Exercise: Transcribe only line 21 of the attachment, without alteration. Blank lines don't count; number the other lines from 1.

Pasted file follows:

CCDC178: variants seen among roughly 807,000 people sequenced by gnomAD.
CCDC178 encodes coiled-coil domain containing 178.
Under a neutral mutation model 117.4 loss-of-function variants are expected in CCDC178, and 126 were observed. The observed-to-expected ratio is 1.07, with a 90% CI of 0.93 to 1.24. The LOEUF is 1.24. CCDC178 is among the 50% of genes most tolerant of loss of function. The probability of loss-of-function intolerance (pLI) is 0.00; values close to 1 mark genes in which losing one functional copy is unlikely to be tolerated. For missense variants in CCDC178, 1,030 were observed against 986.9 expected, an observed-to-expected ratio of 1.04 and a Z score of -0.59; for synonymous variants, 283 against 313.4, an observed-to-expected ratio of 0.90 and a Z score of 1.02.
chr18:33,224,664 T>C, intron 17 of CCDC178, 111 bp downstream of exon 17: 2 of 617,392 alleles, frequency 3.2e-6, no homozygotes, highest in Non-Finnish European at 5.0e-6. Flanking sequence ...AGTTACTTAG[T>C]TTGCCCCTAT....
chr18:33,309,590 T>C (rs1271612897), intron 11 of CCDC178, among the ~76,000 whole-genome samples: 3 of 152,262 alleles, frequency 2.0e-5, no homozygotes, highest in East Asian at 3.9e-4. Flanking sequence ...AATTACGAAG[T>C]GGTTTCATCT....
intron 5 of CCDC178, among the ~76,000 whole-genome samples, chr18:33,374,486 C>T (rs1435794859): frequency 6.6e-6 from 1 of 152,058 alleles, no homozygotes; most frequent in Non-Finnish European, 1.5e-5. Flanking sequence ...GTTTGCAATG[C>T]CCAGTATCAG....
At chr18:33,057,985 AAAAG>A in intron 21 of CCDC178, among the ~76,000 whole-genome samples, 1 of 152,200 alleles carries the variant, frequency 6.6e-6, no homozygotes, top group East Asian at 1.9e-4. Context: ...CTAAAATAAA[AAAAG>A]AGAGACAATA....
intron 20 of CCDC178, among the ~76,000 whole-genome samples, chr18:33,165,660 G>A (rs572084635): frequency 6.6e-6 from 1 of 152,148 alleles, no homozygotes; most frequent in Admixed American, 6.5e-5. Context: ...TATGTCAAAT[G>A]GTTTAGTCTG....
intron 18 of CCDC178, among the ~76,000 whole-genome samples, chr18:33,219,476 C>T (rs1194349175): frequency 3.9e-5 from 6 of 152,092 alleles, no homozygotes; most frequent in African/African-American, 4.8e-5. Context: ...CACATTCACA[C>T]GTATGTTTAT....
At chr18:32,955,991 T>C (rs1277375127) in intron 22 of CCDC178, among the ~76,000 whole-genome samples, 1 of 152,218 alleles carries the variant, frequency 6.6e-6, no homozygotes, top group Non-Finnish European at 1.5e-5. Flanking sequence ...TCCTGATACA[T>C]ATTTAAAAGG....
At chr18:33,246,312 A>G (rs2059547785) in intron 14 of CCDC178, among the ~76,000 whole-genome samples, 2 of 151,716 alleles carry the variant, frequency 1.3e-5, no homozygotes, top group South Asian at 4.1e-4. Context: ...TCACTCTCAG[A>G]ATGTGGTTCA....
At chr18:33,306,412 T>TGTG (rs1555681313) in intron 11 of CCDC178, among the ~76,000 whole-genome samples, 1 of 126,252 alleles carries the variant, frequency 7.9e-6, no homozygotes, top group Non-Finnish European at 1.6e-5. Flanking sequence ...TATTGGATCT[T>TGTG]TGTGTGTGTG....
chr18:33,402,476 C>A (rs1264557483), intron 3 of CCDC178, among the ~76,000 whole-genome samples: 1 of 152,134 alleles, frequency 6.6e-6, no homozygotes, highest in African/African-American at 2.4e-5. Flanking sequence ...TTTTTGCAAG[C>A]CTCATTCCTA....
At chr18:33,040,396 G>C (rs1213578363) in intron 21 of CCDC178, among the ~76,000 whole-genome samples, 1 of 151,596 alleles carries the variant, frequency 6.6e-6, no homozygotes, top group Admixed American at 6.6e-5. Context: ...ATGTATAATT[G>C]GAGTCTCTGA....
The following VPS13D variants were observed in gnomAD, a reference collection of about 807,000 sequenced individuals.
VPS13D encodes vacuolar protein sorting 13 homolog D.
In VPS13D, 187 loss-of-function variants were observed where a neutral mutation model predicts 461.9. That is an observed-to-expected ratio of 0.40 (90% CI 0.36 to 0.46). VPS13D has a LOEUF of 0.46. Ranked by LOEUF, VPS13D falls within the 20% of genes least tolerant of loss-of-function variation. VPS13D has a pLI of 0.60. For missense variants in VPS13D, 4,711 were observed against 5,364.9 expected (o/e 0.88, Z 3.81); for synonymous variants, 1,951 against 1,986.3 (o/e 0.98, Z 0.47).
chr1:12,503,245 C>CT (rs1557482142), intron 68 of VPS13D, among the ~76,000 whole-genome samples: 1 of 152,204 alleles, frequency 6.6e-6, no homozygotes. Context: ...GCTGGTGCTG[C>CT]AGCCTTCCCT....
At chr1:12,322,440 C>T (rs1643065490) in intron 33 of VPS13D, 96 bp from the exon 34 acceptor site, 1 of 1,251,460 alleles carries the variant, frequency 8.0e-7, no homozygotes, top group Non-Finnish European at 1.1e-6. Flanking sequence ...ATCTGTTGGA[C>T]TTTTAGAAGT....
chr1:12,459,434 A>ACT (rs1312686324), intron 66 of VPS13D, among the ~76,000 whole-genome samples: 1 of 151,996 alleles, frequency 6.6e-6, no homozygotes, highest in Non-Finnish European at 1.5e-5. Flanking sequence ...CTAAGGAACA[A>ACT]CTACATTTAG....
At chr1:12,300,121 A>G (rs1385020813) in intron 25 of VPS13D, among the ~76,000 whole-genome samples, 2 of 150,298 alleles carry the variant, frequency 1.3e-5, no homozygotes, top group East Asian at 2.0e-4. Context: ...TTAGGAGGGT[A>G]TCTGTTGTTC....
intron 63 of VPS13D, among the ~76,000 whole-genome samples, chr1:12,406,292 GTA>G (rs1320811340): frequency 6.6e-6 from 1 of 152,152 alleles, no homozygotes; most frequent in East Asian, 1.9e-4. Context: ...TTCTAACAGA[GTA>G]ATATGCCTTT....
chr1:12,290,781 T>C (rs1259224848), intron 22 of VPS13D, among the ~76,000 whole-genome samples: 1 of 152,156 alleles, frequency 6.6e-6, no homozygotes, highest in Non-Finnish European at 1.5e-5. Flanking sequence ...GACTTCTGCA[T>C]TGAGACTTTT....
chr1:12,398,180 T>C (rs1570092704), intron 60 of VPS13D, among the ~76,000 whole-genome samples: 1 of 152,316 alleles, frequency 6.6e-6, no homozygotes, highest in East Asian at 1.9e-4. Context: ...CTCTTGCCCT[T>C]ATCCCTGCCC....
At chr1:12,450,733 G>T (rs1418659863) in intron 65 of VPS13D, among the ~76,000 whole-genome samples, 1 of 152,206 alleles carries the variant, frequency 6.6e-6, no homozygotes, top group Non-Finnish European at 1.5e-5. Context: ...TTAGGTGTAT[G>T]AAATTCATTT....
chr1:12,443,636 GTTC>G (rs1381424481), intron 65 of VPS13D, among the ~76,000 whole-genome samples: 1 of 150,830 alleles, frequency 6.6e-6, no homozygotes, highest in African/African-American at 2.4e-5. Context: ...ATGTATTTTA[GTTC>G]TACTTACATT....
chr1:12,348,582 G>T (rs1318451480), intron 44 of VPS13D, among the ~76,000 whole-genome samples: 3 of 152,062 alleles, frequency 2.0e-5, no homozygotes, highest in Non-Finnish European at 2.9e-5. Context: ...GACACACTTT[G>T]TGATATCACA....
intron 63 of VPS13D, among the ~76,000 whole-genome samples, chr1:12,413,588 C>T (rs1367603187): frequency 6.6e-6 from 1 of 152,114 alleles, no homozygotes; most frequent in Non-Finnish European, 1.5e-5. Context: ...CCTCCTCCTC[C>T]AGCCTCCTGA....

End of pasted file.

At chr1:12,300,121 A>G (rs1385020813) in intron 25 of VPS13D, among the ~76,000 whole-genome samples, 2 of 150,298 alleles carry the variant, frequency 1.3e-5, no homozygotes, top group East Asian at 2.0e-4. Context: ...TTAGGAGGGT[A>G]TCTGTTGTTC....